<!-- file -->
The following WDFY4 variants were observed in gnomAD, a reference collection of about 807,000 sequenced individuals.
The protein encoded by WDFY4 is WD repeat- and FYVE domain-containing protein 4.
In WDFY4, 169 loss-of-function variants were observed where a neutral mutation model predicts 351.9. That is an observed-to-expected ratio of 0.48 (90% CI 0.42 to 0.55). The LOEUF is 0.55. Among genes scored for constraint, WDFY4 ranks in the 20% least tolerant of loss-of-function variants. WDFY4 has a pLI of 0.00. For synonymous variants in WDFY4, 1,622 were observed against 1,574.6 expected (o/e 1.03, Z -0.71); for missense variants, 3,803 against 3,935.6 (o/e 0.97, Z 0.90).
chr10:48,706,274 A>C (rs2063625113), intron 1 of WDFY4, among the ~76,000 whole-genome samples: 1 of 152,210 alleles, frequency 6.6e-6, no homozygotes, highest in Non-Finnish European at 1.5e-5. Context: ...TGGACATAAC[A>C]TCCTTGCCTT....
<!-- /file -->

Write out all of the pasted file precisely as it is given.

The following WDFY4 variants were observed in gnomAD, a reference collection of about 807,000 sequenced individuals.
The protein encoded by WDFY4 is WD repeat- and FYVE domain-containing protein 4.
In WDFY4, 169 loss-of-function variants were observed where a neutral mutation model predicts 351.9. That is an observed-to-expected ratio of 0.48 (90% CI 0.42 to 0.55). The LOEUF is 0.55. Among genes scored for constraint, WDFY4 ranks in the 20% least tolerant of loss-of-function variants. WDFY4 has a pLI of 0.00. For synonymous variants in WDFY4, 1,622 were observed against 1,574.6 expected (o/e 1.03, Z -0.71); for missense variants, 3,803 against 3,935.6 (o/e 0.97, Z 0.90).
chr10:48,706,274 A>C (rs2063625113), intron 1 of WDFY4, among the ~76,000 whole-genome samples: 1 of 152,210 alleles, frequency 6.6e-6, no homozygotes, highest in Non-Finnish European at 1.5e-5. Context: ...TGGACATAAC[A>C]TCCTTGCCTT....